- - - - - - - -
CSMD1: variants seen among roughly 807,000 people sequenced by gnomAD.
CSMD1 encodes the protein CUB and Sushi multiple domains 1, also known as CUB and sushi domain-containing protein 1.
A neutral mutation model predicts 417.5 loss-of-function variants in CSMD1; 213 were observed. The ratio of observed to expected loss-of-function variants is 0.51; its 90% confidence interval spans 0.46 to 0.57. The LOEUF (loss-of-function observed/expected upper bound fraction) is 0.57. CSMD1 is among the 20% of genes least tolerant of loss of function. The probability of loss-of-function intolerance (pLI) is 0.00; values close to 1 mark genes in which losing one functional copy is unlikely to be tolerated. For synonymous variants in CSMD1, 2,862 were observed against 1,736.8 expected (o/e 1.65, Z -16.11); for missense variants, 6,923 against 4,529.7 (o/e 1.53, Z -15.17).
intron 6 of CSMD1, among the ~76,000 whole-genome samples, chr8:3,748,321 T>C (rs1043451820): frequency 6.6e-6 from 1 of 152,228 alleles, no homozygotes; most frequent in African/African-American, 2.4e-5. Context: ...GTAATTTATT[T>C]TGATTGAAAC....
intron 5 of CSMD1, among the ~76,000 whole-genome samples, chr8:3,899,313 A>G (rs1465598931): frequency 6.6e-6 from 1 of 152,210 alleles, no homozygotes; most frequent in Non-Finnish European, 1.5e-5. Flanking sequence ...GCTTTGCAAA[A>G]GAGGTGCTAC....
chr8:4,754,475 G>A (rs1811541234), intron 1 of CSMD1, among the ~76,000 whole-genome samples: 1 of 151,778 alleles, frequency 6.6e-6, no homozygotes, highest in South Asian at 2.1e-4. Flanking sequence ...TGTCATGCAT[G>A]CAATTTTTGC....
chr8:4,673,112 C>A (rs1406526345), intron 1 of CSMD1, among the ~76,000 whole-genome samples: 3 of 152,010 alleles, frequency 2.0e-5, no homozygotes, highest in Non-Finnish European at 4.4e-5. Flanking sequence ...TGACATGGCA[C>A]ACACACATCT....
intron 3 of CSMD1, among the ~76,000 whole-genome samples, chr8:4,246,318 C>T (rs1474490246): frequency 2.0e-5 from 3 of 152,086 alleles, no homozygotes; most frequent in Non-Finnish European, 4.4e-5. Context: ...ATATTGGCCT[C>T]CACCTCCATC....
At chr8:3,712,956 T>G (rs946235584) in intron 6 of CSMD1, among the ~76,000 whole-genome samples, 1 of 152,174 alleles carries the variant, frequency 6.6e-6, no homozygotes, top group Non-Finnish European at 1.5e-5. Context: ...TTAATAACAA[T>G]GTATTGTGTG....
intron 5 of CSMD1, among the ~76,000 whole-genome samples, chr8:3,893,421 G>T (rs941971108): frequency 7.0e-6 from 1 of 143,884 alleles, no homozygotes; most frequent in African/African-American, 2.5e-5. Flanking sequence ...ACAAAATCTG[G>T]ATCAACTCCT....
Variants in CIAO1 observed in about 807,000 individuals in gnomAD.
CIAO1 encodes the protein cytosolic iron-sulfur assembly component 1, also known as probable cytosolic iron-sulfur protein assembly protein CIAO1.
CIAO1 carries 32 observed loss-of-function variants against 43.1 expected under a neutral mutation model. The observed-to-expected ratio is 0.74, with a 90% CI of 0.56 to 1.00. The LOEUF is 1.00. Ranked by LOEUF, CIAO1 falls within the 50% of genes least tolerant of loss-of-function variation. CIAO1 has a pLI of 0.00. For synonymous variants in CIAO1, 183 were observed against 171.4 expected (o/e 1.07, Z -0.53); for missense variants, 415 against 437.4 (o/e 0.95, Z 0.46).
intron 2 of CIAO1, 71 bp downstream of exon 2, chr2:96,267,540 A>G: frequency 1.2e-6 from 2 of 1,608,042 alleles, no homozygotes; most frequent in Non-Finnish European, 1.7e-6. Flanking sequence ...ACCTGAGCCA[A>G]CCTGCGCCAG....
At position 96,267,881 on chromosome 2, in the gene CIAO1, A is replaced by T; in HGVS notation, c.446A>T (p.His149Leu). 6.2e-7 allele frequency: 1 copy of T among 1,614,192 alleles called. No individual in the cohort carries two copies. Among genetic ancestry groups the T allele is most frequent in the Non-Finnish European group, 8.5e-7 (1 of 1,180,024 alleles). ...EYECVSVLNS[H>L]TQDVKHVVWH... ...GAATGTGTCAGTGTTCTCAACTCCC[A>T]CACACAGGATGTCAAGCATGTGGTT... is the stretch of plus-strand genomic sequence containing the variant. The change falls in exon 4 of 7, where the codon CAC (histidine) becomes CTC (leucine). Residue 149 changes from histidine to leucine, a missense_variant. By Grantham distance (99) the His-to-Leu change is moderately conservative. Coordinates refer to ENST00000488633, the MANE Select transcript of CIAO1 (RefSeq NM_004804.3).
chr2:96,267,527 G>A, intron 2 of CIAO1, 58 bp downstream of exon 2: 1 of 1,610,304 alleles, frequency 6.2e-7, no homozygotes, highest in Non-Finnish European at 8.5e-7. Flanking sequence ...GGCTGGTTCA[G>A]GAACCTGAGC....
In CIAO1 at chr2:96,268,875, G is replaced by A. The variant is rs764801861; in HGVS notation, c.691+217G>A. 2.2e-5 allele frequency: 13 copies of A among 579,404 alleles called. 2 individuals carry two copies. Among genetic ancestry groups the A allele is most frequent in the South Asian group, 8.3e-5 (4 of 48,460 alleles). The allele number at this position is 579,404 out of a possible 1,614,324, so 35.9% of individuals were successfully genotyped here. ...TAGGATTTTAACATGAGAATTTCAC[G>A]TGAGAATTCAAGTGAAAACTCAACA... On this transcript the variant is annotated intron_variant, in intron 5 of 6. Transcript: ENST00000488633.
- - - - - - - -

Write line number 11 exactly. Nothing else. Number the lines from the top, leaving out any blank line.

Variants in CIAO1 observed in about 807,000 individuals in gnomAD.